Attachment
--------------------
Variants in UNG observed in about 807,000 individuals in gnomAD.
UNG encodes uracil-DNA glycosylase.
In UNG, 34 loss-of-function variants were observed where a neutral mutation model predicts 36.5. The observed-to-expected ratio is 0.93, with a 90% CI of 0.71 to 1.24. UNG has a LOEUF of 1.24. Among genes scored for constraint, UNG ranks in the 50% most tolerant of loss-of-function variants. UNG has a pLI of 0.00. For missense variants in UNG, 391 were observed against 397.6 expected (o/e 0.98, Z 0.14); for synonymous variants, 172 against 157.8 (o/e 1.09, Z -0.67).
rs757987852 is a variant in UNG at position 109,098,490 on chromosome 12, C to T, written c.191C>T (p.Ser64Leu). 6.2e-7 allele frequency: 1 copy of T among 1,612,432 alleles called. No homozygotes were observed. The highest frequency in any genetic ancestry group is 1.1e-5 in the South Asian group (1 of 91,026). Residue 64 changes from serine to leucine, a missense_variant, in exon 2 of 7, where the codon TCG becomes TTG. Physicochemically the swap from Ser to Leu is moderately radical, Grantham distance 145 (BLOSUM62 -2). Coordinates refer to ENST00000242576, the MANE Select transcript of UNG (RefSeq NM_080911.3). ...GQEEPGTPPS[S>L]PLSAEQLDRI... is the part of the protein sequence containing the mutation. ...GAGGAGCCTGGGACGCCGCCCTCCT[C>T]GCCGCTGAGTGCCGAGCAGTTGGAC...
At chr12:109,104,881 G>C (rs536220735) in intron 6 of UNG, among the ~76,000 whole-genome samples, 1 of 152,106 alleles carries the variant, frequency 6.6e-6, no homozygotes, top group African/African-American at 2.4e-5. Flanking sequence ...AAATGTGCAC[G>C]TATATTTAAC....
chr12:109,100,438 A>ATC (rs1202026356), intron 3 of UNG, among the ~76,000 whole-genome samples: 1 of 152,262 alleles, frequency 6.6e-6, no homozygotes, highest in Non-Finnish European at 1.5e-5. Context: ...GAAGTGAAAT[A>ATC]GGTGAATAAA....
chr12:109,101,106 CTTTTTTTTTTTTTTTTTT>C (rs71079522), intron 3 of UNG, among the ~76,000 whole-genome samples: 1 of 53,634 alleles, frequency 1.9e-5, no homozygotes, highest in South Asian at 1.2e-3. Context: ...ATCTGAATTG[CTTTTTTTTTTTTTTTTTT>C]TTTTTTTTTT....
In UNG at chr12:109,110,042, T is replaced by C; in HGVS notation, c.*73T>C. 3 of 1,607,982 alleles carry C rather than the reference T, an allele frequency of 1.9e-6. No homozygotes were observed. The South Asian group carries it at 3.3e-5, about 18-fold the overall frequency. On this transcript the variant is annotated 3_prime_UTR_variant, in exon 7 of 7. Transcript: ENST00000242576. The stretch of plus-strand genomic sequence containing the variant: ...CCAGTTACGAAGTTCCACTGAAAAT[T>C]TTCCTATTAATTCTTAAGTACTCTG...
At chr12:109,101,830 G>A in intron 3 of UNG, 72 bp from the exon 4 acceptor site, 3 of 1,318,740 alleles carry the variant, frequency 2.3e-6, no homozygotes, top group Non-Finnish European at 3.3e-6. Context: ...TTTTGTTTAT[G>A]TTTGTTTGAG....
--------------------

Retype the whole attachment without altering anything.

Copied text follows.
Variants in UNG observed in about 807,000 individuals in gnomAD.
UNG encodes uracil-DNA glycosylase.
In UNG, 34 loss-of-function variants were observed where a neutral mutation model predicts 36.5. The observed-to-expected ratio is 0.93, with a 90% CI of 0.71 to 1.24. UNG has a LOEUF of 1.24. Among genes scored for constraint, UNG ranks in the 50% most tolerant of loss-of-function variants. UNG has a pLI of 0.00. For missense variants in UNG, 391 were observed against 397.6 expected (o/e 0.98, Z 0.14); for synonymous variants, 172 against 157.8 (o/e 1.09, Z -0.67).
rs757987852 is a variant in UNG at position 109,098,490 on chromosome 12, C to T, written c.191C>T (p.Ser64Leu). 6.2e-7 allele frequency: 1 copy of T among 1,612,432 alleles called. No homozygotes were observed. The highest frequency in any genetic ancestry group is 1.1e-5 in the South Asian group (1 of 91,026). Residue 64 changes from serine to leucine, a missense_variant, in exon 2 of 7, where the codon TCG becomes TTG. Physicochemically the swap from Ser to Leu is moderately radical, Grantham distance 145 (BLOSUM62 -2). Coordinates refer to ENST00000242576, the MANE Select transcript of UNG (RefSeq NM_080911.3). ...GQEEPGTPPS[S>L]PLSAEQLDRI... is the part of the protein sequence containing the mutation. ...GAGGAGCCTGGGACGCCGCCCTCCT[C>T]GCCGCTGAGTGCCGAGCAGTTGGAC...
At chr12:109,104,881 G>C (rs536220735) in intron 6 of UNG, among the ~76,000 whole-genome samples, 1 of 152,106 alleles carries the variant, frequency 6.6e-6, no homozygotes, top group African/African-American at 2.4e-5. Flanking sequence ...AAATGTGCAC[G>C]TATATTTAAC....
chr12:109,100,438 A>ATC (rs1202026356), intron 3 of UNG, among the ~76,000 whole-genome samples: 1 of 152,262 alleles, frequency 6.6e-6, no homozygotes, highest in Non-Finnish European at 1.5e-5. Context: ...GAAGTGAAAT[A>ATC]GGTGAATAAA....
chr12:109,101,106 CTTTTTTTTTTTTTTTTTT>C (rs71079522), intron 3 of UNG, among the ~76,000 whole-genome samples: 1 of 53,634 alleles, frequency 1.9e-5, no homozygotes, highest in South Asian at 1.2e-3. Context: ...ATCTGAATTG[CTTTTTTTTTTTTTTTTTT>C]TTTTTTTTTT....
In UNG at chr12:109,110,042, T is replaced by C; in HGVS notation, c.*73T>C. 3 of 1,607,982 alleles carry C rather than the reference T, an allele frequency of 1.9e-6. No homozygotes were observed. The South Asian group carries it at 3.3e-5, about 18-fold the overall frequency. On this transcript the variant is annotated 3_prime_UTR_variant, in exon 7 of 7. Transcript: ENST00000242576. The stretch of plus-strand genomic sequence containing the variant: ...CCAGTTACGAAGTTCCACTGAAAAT[T>C]TTCCTATTAATTCTTAAGTACTCTG...
At chr12:109,101,830 G>A in intron 3 of UNG, 72 bp from the exon 4 acceptor site, 3 of 1,318,740 alleles carry the variant, frequency 2.3e-6, no homozygotes, top group Non-Finnish European at 3.3e-6. Context: ...TTTTGTTTAT[G>A]TTTGTTTGAG....